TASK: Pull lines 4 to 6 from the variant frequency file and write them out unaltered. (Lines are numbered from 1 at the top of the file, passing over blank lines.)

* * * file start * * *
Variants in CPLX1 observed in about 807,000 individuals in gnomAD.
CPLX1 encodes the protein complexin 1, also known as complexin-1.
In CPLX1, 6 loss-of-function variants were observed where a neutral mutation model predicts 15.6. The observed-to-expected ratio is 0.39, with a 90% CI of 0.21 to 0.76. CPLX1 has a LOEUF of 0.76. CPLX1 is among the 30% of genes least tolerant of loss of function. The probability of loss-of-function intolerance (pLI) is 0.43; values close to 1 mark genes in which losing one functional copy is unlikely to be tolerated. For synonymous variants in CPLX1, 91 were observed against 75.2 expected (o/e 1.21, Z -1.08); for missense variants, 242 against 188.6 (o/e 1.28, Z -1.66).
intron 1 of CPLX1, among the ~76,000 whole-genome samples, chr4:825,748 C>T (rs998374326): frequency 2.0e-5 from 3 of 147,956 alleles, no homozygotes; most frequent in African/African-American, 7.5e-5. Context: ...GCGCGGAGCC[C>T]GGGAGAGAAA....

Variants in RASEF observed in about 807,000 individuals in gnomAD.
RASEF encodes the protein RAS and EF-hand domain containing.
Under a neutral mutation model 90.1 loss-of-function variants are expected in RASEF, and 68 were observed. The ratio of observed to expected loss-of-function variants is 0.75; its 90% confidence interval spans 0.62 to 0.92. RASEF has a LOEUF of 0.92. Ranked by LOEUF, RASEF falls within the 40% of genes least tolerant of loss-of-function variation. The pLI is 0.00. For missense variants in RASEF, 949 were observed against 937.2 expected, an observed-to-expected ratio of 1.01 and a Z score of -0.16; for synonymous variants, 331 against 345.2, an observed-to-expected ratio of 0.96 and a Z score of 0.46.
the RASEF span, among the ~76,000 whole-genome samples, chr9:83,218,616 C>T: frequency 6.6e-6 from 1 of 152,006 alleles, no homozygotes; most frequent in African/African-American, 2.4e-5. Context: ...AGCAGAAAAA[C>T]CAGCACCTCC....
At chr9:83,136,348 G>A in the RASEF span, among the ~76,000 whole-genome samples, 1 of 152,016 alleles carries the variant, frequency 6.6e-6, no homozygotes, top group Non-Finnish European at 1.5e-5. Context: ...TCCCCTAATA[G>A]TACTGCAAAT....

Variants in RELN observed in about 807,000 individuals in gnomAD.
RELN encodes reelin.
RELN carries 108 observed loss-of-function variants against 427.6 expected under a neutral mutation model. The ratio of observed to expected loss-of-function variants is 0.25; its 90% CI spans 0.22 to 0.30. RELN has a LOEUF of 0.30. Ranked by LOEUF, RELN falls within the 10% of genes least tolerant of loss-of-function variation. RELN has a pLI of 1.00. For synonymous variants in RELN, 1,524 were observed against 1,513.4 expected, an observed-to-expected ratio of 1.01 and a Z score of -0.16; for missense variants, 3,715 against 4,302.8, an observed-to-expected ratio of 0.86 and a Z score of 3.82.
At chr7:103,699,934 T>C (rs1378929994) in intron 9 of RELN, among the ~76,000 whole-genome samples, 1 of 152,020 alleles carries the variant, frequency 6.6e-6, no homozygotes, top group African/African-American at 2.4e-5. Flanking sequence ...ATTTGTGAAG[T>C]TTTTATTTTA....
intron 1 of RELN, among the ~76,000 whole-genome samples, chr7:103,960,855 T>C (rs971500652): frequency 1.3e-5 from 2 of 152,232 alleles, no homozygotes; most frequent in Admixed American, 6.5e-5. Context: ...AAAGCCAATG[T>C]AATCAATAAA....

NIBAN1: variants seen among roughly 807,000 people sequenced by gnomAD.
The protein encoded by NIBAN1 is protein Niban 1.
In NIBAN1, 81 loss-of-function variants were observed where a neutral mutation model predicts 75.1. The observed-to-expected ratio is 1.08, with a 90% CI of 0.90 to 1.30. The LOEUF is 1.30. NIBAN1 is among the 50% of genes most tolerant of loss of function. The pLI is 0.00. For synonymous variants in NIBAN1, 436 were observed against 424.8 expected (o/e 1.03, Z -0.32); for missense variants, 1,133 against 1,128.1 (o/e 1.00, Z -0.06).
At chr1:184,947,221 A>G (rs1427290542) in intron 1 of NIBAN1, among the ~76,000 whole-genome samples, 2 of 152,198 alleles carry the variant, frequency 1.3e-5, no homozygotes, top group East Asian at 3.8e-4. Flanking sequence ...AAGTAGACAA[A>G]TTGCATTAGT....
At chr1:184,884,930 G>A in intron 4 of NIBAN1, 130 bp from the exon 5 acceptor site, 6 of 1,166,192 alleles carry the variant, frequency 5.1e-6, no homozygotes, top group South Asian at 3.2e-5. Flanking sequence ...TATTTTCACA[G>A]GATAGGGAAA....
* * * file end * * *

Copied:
intron 1 of CPLX1, among the ~76,000 whole-genome samples, chr4:825,748 C>T (rs998374326): frequency 2.0e-5 from 3 of 147,956 alleles, no homozygotes; most frequent in African/African-American, 7.5e-5. Context: ...GCGCGGAGCC[C>T]GGGAGAGAAA....

Variants in RASEF observed in about 807,000 individuals in gnomAD.
RASEF encodes the protein RAS and EF-hand domain containing.